Baledzi Gaolathe,┬áthe Finance and Development Planning Minister, warned Sunday that a prolonged global recession will most likely affect the implementation of some of the National Development Plans 10 projects.
“I think everything is relative and if the recession is going to be prolonged then certainly, it is going to affect some of the projects,” he told Sunday Standard.
His comments came just a day before the USA, the world’s biggest economy that buys 50 percent of diamond jewelry, announced that it had entered into a recession that was sparked by the credit crunch.
That┬á announcement┬á by┬á the USA that it had┬á entered into a recession wiping over US $┬á 1 trillion┬á dollars on its┬á major stock exchanges in a single-day was, on Tuesday, followed by Asian markets that ┬átook ┬áa nose-dive, some as ┬ádeep as six percent.
However,┬álocal┬ámining companies have been reeling under the impact of the global economic contraction as BCL and Botswana Metal Refinery announced that they would be slashing jobs.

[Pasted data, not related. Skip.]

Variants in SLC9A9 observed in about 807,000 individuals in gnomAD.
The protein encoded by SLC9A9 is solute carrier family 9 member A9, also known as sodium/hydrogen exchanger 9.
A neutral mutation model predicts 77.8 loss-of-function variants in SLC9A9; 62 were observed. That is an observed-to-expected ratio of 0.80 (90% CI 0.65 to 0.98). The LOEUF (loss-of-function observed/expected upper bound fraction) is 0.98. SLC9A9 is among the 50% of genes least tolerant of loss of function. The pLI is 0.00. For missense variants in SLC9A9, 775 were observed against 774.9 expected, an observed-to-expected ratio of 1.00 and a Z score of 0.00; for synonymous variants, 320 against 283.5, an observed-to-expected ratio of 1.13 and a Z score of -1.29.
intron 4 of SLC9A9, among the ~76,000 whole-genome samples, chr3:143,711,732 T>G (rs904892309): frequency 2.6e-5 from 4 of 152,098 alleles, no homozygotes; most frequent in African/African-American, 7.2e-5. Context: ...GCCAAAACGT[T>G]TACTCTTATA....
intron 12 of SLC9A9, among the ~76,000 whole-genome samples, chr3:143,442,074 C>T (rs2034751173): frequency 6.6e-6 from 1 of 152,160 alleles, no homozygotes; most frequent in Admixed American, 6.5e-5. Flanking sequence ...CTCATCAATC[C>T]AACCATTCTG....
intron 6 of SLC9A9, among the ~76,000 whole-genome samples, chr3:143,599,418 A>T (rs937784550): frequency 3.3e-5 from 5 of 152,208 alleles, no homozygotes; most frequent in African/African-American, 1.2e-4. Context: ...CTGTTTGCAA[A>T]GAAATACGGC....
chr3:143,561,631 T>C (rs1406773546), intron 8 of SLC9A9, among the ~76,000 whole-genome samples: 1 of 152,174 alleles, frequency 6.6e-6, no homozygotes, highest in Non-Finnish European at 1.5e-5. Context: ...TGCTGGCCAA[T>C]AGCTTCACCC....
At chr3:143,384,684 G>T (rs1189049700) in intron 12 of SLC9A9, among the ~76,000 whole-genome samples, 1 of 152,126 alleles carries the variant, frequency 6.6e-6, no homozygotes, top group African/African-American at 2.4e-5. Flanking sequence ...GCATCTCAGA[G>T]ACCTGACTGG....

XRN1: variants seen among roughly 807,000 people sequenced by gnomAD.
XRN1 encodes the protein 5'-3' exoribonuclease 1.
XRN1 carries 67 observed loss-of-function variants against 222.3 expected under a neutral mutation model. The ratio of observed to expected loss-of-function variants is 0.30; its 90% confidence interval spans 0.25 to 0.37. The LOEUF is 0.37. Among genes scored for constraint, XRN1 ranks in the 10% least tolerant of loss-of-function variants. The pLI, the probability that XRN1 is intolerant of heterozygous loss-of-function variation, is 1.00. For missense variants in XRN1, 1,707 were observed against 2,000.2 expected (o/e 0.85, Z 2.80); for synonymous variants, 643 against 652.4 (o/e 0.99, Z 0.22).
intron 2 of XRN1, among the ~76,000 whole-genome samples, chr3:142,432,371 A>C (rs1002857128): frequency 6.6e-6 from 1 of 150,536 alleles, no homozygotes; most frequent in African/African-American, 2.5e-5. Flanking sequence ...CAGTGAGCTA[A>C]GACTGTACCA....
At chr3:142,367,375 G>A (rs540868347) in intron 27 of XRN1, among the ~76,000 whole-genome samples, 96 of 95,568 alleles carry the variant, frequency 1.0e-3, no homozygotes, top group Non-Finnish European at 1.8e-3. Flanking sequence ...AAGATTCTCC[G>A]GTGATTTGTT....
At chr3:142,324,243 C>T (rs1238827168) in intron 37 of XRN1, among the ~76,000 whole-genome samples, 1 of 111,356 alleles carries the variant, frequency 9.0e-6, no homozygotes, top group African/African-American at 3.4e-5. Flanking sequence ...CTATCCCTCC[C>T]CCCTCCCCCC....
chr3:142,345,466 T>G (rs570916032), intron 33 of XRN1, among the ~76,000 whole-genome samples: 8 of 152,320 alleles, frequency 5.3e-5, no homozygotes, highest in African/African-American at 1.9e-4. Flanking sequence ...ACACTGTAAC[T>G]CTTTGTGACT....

BCL intends to retrench as much as 10 percent of its staff complement while BMR said that, out of its staff┬ácomplement of 200, only 23┬áwill remain by end of this year. On the other hand, African Copper near Francistown has indicated that it has suspended hiring┬ánew staffÔÇöexcept in specialized areas.
Further, Discovery Metals, exploration┬áand budding miners indicated that they might be forced to delay their proposed mining plans in Botswana while┬áGem Diamonds said it was wary of the international developments that┬áare likely to make “funding for such big project to be harder to come by.”
“We have made some advancement regarding the Gope project and our environmental┬áimpact study has been approved by government. Right now, we are talking to government as it should be the case under Botswana’s Mineral Act before we can get a mining license. The┬áissue of┬áglobal recession normally makes funding of such big projects to be harder to come by,” Gem Diamonds’ Chief Executive Officer, Clifford Elphick, told the Sunday Standard in a telephone interview from London.
If the recession is prolonged, it would make it difficult for┬ágovernment to fund┬áits projects, especially under the present┬ásituation where mining accounts for┬áover 40 percent of the Gross Domestic Products.
That would pose a serious challenge to government which has tasked itself┬áwith┬áa long term vision of 2016. Most of the ideal goals of the vision will┬áremain unfulfilled and poverty and unemployment would not be tackled.
The current recession is likely to see government starting to cut on spending on┬ádevelopment budget that is to be announced in February in preparation of unforeseen scenarios.